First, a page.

Hydrotherapy is a specialised mode of physiotherapy, which involves the use of water as a medium to provide support, resistance and other effects that can otherwise not be utilised outside the water. It can be used to treat a very wide spectrum of conditions over a wide range of patient groups. Examples are arthritis and cardio-pulmonary rehabilitation for adult patients, but also soothing and relation activities for children with Celebral Palsy (CP).

Even though hydrotherapy resembles swimming, there is a difference where the individual is required to undertake exercises in the warm water. The temperature is usually between 28 and 32ºC. This is a lot higher than in a normal swimming pool. The treatment usually takes place in a hospital’s physiotherapy department, by specially trained physiotherapist. Also other movement specialists, who have received training for working in water can administer the exercises.

What is the difference between Hydrotherapy and Aquatic Therapy?

Hydrotherapy includes all possible therapy modes that involve the use of water. This can range from completely passive floating in water, therapist induced exercises up to active exercises based on therapist instruction. Aquatic therapy does not include passive treatment of individuals in water, but includes active exercises in water based on instructions from a therapist. Therefore it can be said that Aquatic therapy is active, water based therapy. Read more about Aquatic Therapy vs Hydrotherapy.

Why is hydrotherapy good for you?

Hydrotherapy offers a lot of advantages over alternative therapies because it offers:

  • an opportunity for an earlier start in a (muscular) re‑education program after injury compared to land based therapies
  • an increased amount of degrees of freedom, and therefore in water exercises possible that are not possible on land
  • treatment of impairments like pain, decreased range of motion, decrea­sed strength and stiffness
  • increasing the upper body strength, treating posture stability problems of upper body stiffness or weakness and promoting gait during walking
  • improved cardio‑vascular and respiratory functi­ons
  • a positive effect on overall, as well as local metabolism. This reduces arousal, pain and stiffness
  • the benefit of therapeutic, prophylactic and cosmetic effects
  • easy easily adaptation to patient‑specific needs and can simply be applied in a progressive way, from a non-weight-bearing to a full-weight-bearing program
  • the possibility to handle even the very heavy patients with great ease
  • the possibility to engage the patient in a positive way, promoting their compliance, by introducing playful activities
  • a warm, safe and low impact exercise environment
  • the possibility for the (physio-)therapist to observe the total body and check e.g. body alignment

What are the advantages of exercising in warm water?

  • Ligaments and muscles become more flexible, increasing the range of motion of joints
  • Joint loading is decreased as a result of buoyancy
  • Movement speeds are restricted as a result of higher density and viscosity of the water
  • Pain sensation is reduced, for reasons not yet entirely understood
  • Blood is moved from the extremities to the core, increasing central blood volume, increasing the efficiency of the heart
Methods in hydrotherapy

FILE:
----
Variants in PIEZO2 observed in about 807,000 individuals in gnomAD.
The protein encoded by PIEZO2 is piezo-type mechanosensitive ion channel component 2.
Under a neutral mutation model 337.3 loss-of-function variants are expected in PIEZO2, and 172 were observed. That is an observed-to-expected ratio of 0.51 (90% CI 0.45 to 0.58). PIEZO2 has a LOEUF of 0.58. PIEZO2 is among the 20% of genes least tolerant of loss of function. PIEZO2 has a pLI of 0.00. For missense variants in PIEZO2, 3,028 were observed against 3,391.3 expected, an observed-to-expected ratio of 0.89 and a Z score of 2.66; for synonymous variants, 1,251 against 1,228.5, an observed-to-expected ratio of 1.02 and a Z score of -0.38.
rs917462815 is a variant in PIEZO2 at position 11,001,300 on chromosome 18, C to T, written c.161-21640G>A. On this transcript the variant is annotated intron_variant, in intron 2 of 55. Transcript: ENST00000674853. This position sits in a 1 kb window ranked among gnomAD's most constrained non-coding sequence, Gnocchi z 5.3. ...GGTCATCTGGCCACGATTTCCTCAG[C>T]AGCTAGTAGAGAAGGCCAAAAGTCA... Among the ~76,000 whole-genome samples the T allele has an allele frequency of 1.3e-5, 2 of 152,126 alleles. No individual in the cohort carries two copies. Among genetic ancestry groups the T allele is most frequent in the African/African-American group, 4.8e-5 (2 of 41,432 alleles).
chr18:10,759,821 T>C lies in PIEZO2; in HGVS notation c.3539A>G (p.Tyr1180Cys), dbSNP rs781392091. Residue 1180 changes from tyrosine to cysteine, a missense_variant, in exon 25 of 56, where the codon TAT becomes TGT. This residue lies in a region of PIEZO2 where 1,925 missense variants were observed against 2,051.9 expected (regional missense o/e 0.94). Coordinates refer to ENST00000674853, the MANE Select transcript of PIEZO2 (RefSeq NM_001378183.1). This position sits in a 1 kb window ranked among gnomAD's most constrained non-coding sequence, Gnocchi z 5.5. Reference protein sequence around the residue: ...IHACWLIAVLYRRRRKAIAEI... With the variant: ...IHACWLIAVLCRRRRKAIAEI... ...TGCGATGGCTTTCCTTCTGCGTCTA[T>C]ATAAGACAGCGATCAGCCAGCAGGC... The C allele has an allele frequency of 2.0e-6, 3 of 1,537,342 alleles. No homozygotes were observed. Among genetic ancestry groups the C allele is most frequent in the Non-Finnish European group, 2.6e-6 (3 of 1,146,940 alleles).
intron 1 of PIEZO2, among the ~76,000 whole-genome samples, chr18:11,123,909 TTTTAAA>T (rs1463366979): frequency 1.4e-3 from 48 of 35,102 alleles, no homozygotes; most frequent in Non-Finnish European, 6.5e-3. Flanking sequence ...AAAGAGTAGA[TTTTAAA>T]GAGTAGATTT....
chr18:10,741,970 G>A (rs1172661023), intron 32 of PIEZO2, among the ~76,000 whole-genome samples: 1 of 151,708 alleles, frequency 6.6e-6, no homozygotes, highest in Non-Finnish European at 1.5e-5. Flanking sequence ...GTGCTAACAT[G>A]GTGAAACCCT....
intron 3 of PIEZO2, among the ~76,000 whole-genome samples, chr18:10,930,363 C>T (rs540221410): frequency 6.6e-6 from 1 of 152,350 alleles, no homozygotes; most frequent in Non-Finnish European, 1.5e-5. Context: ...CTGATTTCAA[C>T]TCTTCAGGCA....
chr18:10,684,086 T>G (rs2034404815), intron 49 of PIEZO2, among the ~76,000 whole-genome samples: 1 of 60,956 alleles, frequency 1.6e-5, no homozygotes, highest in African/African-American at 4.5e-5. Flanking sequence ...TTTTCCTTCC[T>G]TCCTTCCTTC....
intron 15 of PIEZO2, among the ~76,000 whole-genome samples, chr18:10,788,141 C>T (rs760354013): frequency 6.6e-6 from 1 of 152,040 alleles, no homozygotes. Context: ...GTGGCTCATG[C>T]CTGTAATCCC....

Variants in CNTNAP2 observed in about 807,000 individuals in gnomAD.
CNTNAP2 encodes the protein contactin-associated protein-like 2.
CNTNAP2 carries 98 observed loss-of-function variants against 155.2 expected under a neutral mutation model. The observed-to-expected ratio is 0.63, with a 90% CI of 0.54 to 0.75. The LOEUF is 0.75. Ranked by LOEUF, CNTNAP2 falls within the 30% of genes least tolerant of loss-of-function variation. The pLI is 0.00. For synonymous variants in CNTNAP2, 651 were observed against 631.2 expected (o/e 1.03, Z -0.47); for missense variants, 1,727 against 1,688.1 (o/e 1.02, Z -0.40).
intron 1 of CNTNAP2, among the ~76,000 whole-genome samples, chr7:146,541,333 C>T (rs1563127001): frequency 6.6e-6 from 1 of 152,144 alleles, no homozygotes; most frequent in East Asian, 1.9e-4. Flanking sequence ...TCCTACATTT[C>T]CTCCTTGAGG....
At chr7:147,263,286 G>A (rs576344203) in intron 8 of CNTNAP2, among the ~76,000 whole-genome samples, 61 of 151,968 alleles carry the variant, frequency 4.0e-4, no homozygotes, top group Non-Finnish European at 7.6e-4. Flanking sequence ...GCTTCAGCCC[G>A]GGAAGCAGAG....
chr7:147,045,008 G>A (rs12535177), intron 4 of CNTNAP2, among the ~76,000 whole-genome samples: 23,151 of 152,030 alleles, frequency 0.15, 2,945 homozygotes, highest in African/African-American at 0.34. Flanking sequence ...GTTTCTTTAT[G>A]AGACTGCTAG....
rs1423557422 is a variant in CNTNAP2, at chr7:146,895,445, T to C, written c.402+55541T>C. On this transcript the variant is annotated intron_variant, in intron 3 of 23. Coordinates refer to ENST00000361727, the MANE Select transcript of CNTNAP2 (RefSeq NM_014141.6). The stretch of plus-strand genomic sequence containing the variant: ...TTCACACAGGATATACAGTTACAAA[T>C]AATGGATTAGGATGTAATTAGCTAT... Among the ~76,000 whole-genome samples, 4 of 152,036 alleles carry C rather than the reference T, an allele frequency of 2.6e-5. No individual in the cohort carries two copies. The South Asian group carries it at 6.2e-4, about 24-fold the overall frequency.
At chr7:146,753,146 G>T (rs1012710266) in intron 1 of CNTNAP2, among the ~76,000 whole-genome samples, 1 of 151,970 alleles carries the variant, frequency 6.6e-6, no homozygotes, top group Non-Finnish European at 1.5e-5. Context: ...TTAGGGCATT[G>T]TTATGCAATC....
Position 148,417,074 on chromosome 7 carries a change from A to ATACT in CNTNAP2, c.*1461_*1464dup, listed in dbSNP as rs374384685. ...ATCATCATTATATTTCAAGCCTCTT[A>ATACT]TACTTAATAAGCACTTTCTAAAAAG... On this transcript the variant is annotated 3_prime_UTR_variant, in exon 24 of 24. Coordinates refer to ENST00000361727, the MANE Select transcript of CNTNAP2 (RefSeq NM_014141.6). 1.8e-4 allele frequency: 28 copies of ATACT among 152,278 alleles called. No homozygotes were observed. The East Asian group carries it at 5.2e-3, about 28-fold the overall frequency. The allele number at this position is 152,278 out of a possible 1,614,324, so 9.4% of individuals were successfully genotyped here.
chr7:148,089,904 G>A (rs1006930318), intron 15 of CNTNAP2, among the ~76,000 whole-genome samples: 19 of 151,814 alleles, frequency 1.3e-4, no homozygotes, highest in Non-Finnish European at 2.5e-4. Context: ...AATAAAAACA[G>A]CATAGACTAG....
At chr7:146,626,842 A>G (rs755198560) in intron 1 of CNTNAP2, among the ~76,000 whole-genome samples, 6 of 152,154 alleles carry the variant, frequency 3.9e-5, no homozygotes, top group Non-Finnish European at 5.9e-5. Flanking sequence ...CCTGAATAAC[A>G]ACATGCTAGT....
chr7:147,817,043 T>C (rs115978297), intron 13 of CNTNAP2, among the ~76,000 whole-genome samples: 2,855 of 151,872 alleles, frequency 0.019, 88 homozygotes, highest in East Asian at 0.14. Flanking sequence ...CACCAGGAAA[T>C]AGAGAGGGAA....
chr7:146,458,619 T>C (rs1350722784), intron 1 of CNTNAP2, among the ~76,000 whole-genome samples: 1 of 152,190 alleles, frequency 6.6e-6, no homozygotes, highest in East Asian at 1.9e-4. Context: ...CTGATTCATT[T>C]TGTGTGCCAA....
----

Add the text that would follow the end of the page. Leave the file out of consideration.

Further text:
Hydrotherapy, or Aquatic Physical Therapy is primarily focused on exercise in water but also includes hands-on techniques. It can include some of the methods mentioned underneath:

  • Halliwick
  • Bad Ragaz Ring Method
  • Deep Water Running (DWR)
  • Watsu
  • Ai Chi

Read more about methods in hydrotherapy and aquatic therapy

ICEBAT Webinar 28 february – Aquatic Therapy – neurophysiology of persistent pain

On February 28, ICEBAT will broadcast the third edition of their online webinar, entitled "Aquatic Therapy - neurophysiology of persistent pain" Presenters: Oliver Krouwel MSc, …

Aquatic Therapy: a valuable intervention in neurological and geriatric physiotherapy

Aquatic therapy has long been a valuable resource that we should not lose sight of. There are also many interesting developments in this form …

Water specific motor-cognitive therapy, prevention of cognitive degeneration

Chronic low grade inflammation leads to gradual cognitive degeneration. With the coming of the world wide Covid virus, cytokines are coming into view as …

Water specific therapy in children with CP

This month a new article has emerged from Eric Meyer (website) about the positive effects of water specific therapy on the motor skills of …

IATF Swiss course 2021 – October

Due to reconstruction and reorganization, the course "Advanced Studies in Aquatic Therapy" has changed to Landeyeux in the French speaking part of Switzerland, about …

Post-ICU Aquatic Therapy; the untold story of embodiment

Reasoning behind early Aquatic Therapy intervention may be found to be unclear for many healthcare professionals. As testified during the latest podcast by Eugenia …

Latest podcast Aquatics: Early activity and mobilization for ICU patients

Last week the Podcast channel Aquatics, organised by Eugenia Hernández, came out with a new podcast in her series about Aquatic Therapy. This podcast …

Update: Bonus ICEBAT Aquatic Therapy Webinars

The first ICEBAT webinar on Sunday October 11 was a great success with good attendance. Participants have congratulated the team for the comprehensive information. ICEBAT …

Latest podcast Aquatics: the right equipment for rehabilitation

Last week the Podcast channel Aquatics, organised by Eugenia Hernández, came out with a new podcast in her series about Aquatic Therapy. In this …

Latest Video